Direct 101 – Go messages, go!

Written by Tim Dunnington on December 2, 2013

This is part 2 in a series of articles on the basics of Direct messaging. Part 1 of this series can be found here.

In this article I'll attempt to provide an overview of how a Direct message gets from one person to another (from sender to recipient). I'm purposefully going to leave out a lot of detail because I want to focus on the very basic mechanisms of the transfer. We will then uncover the details through future articles, tackling

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Direct 101 – Why Direct?

Written by Tim Dunnington on November 25, 2013

This is the first in a series of articles on the basics of Direct messaging. Be sure to come back for more in the series.

The Direct Project was designed by industry and government to be a simple and trusted means of sending and receiving secure messages. At its heart, Direct is simply encrypted email (aka S/MIME). But encrypting email has been around for a long time, so can’t we simply turn this feature on in Outlook and be happy?

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Adding a Key to the Java Keystore

Written by Tim Dunnington on May 13, 2013
java_key

Here are some notes and examples of how to take your ICAetc certificates and import them to your Java keystore.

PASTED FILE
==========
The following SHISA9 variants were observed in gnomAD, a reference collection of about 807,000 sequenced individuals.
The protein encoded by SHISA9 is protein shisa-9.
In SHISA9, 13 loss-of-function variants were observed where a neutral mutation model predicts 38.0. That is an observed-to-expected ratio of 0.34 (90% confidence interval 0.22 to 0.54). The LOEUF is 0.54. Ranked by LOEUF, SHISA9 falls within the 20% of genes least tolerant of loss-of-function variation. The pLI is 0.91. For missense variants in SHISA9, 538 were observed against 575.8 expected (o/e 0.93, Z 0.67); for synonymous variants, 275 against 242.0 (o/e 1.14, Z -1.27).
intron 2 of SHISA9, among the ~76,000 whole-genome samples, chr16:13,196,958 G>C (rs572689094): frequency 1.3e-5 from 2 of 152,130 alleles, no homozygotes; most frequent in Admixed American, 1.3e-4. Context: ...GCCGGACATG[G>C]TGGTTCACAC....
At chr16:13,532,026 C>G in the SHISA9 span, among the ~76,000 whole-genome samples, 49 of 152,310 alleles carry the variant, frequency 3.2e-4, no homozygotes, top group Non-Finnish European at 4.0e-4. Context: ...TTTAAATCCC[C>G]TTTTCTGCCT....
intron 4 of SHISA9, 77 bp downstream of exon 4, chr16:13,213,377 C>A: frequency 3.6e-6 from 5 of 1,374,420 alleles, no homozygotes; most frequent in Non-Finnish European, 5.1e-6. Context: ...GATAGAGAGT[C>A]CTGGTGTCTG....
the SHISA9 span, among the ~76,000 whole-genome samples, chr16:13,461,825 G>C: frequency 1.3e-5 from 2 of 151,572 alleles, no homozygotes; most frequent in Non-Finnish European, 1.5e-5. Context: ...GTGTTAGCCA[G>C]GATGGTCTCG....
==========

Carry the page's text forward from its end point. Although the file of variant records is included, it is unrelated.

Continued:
Before you get started, you will need the openssl package. You can download openssl from our Downloads page. Be sure to add the openssl path to your system path before you start, and make sure when you open a shell (cmd.exe on Windows) that you can type “openssl” at the command prompt and it launches (does not return a program not found

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No TLS? No problem, use stunnel!

Written by Tim Dunnington on May 6, 2013
stunnel_package

The IHE requires TLS security for all connections. SOAP transactions, such as those used in XDS, are fairly straightforward to secure with TLS, due to good development tool support. Java, .NET and many other languages make TLS implementations at least manageable, and there are plenty of places to find help.

Securing ATNA and HL7v2, however, can often prove more challenging for a variety of reasons. Interface engine support for TLS is spotty (or may cost a lot); and while developer tool

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